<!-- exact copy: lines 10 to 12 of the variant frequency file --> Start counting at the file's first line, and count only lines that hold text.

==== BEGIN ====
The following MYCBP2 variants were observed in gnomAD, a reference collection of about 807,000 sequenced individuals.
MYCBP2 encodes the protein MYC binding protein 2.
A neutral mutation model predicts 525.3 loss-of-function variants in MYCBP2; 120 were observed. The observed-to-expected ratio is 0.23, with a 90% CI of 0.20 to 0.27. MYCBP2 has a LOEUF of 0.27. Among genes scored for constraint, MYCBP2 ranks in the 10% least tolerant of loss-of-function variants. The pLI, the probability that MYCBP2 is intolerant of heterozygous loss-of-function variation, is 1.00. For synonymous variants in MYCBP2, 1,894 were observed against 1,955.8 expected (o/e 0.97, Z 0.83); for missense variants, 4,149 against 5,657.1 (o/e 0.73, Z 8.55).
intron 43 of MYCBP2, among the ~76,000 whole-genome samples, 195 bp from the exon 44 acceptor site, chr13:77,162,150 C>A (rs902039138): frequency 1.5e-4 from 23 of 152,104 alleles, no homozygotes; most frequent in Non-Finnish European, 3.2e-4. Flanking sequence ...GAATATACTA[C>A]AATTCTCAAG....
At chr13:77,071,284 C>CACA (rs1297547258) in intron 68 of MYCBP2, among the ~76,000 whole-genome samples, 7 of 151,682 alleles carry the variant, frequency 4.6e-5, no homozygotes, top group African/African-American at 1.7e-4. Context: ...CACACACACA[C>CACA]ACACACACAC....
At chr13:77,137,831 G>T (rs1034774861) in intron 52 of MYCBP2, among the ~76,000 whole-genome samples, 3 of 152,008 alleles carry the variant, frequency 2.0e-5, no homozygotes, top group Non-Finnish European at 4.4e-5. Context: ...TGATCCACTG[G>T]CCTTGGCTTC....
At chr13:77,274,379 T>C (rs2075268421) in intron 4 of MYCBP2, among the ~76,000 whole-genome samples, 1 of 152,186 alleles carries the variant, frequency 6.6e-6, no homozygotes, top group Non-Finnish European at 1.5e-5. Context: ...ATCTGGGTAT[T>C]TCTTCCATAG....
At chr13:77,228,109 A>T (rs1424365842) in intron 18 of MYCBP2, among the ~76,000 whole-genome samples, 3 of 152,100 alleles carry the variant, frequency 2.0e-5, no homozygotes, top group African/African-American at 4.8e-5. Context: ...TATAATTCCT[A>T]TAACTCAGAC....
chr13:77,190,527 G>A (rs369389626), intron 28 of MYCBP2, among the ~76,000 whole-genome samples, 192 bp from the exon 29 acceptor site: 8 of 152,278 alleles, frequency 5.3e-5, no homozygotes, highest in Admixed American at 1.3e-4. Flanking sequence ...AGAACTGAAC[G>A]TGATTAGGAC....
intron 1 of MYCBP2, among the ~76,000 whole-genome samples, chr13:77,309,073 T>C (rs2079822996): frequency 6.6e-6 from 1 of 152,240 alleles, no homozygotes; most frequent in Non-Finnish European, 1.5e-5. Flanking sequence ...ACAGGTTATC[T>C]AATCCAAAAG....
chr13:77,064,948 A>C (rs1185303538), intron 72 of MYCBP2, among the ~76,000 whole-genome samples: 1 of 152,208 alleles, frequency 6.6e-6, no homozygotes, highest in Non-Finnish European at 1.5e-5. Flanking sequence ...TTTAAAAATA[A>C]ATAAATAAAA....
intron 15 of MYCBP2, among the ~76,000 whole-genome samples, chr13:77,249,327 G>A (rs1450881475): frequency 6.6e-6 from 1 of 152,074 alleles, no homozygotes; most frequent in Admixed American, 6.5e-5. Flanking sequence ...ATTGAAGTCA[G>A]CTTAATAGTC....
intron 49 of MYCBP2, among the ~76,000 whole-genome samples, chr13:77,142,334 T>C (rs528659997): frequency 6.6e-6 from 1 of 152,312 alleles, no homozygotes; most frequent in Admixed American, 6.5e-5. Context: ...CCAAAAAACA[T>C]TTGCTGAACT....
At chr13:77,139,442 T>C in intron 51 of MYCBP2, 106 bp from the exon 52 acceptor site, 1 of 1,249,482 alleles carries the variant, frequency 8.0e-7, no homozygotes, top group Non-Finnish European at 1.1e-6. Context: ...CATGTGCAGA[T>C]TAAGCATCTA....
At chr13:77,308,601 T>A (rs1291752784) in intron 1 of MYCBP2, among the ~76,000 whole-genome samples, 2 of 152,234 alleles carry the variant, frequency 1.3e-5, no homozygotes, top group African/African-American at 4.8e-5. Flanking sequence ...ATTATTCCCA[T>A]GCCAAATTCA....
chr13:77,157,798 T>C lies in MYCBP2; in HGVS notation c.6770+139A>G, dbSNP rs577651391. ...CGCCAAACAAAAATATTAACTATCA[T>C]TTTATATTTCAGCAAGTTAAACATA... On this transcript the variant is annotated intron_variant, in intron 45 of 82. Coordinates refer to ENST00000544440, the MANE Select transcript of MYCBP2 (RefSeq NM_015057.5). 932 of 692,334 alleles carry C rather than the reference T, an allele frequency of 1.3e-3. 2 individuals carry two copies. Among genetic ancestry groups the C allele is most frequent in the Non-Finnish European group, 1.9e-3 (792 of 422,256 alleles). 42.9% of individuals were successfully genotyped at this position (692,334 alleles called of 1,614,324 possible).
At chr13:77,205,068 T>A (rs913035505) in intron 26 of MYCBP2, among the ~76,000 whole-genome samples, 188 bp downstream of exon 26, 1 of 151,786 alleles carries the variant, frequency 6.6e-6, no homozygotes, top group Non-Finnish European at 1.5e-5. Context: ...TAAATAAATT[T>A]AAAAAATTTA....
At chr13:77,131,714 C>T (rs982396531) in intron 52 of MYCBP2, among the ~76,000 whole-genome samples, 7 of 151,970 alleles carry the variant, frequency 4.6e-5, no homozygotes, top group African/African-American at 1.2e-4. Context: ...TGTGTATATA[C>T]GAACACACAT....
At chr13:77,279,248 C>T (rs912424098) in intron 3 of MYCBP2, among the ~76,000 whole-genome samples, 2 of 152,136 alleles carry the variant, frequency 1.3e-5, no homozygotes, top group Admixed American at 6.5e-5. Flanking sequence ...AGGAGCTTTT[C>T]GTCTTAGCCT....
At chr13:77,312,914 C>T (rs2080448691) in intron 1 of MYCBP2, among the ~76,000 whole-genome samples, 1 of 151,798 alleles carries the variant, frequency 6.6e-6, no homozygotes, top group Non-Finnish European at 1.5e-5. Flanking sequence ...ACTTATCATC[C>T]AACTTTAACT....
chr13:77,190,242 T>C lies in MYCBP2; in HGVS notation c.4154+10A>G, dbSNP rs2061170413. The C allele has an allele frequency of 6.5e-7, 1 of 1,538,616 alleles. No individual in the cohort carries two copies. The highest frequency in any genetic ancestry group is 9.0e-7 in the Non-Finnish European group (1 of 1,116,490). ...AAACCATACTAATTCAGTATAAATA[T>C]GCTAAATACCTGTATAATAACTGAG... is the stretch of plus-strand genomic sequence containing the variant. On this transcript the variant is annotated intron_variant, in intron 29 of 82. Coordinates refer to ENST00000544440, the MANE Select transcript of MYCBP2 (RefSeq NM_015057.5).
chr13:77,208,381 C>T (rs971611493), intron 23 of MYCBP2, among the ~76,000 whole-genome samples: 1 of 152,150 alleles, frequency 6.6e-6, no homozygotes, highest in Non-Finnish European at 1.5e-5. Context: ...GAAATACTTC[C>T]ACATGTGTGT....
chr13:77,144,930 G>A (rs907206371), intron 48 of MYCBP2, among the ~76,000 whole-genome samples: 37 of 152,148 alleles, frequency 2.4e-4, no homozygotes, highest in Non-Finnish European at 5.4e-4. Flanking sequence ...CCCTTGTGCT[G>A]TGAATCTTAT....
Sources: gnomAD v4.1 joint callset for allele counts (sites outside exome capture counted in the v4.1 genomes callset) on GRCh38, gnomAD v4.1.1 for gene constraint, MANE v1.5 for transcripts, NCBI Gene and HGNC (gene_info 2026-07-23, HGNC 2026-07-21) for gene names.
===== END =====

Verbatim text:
intron 1 of MYCBP2, among the ~76,000 whole-genome samples, chr13:77,309,073 T>C (rs2079822996): frequency 6.6e-6 from 1 of 152,240 alleles, no homozygotes; most frequent in Non-Finnish European, 1.5e-5. Flanking sequence ...ACAGGTTATC[T>C]AATCCAAAAG....
chr13:77,064,948 A>C (rs1185303538), intron 72 of MYCBP2, among the ~76,000 whole-genome samples: 1 of 152,208 alleles, frequency 6.6e-6, no homozygotes, highest in Non-Finnish European at 1.5e-5. Flanking sequence ...TTTAAAAATA[A>C]ATAAATAAAA....
intron 15 of MYCBP2, among the ~76,000 whole-genome samples, chr13:77,249,327 G>A (rs1450881475): frequency 6.6e-6 from 1 of 152,074 alleles, no homozygotes; most frequent in Admixed American, 6.5e-5. Flanking sequence ...ATTGAAGTCA[G>A]CTTAATAGTC....